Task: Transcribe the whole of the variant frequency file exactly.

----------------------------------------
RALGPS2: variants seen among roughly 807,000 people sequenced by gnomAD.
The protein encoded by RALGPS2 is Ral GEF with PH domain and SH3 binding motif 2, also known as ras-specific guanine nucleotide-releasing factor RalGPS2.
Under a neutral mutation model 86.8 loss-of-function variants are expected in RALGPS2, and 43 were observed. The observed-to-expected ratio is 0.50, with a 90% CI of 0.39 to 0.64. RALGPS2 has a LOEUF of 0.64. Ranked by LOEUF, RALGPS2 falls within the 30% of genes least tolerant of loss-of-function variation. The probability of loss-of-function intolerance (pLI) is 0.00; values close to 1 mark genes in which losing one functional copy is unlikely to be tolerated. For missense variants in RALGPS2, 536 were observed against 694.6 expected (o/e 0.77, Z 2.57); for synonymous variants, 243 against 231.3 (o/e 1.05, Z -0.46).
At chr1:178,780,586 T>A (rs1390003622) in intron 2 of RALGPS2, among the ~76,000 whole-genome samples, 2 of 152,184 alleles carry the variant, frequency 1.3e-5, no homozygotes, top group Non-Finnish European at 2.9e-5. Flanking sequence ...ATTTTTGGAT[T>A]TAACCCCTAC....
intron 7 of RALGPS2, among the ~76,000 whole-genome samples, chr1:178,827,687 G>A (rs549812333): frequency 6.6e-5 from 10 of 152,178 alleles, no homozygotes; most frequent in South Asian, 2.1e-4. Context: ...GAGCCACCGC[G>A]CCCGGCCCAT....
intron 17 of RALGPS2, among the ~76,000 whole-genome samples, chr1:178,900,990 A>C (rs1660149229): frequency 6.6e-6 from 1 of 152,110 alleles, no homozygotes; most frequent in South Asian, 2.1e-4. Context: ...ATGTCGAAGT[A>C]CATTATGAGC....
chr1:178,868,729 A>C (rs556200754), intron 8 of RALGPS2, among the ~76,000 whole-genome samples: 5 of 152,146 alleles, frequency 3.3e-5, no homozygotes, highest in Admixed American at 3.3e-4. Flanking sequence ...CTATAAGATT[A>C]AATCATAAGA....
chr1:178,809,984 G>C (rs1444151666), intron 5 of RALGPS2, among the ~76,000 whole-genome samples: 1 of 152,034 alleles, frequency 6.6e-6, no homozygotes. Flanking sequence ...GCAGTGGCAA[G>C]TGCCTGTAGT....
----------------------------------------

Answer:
RALGPS2: variants seen among roughly 807,000 people sequenced by gnomAD.
The protein encoded by RALGPS2 is Ral GEF with PH domain and SH3 binding motif 2, also known as ras-specific guanine nucleotide-releasing factor RalGPS2.
Under a neutral mutation model 86.8 loss-of-function variants are expected in RALGPS2, and 43 were observed. The observed-to-expected ratio is 0.50, with a 90% CI of 0.39 to 0.64. RALGPS2 has a LOEUF of 0.64. Ranked by LOEUF, RALGPS2 falls within the 30% of genes least tolerant of loss-of-function variation. The probability of loss-of-function intolerance (pLI) is 0.00; values close to 1 mark genes in which losing one functional copy is unlikely to be tolerated. For missense variants in RALGPS2, 536 were observed against 694.6 expected (o/e 0.77, Z 2.57); for synonymous variants, 243 against 231.3 (o/e 1.05, Z -0.46).
At chr1:178,780,586 T>A (rs1390003622) in intron 2 of RALGPS2, among the ~76,000 whole-genome samples, 2 of 152,184 alleles carry the variant, frequency 1.3e-5, no homozygotes, top group Non-Finnish European at 2.9e-5. Flanking sequence ...ATTTTTGGAT[T>A]TAACCCCTAC....
intron 7 of RALGPS2, among the ~76,000 whole-genome samples, chr1:178,827,687 G>A (rs549812333): frequency 6.6e-5 from 10 of 152,178 alleles, no homozygotes; most frequent in South Asian, 2.1e-4. Context: ...GAGCCACCGC[G>A]CCCGGCCCAT....
intron 17 of RALGPS2, among the ~76,000 whole-genome samples, chr1:178,900,990 A>C (rs1660149229): frequency 6.6e-6 from 1 of 152,110 alleles, no homozygotes; most frequent in South Asian, 2.1e-4. Context: ...ATGTCGAAGT[A>C]CATTATGAGC....
chr1:178,868,729 A>C (rs556200754), intron 8 of RALGPS2, among the ~76,000 whole-genome samples: 5 of 152,146 alleles, frequency 3.3e-5, no homozygotes, highest in Admixed American at 3.3e-4. Flanking sequence ...CTATAAGATT[A>C]AATCATAAGA....
chr1:178,809,984 G>C (rs1444151666), intron 5 of RALGPS2, among the ~76,000 whole-genome samples: 1 of 152,034 alleles, frequency 6.6e-6, no homozygotes. Flanking sequence ...GCAGTGGCAA[G>C]TGCCTGTAGT....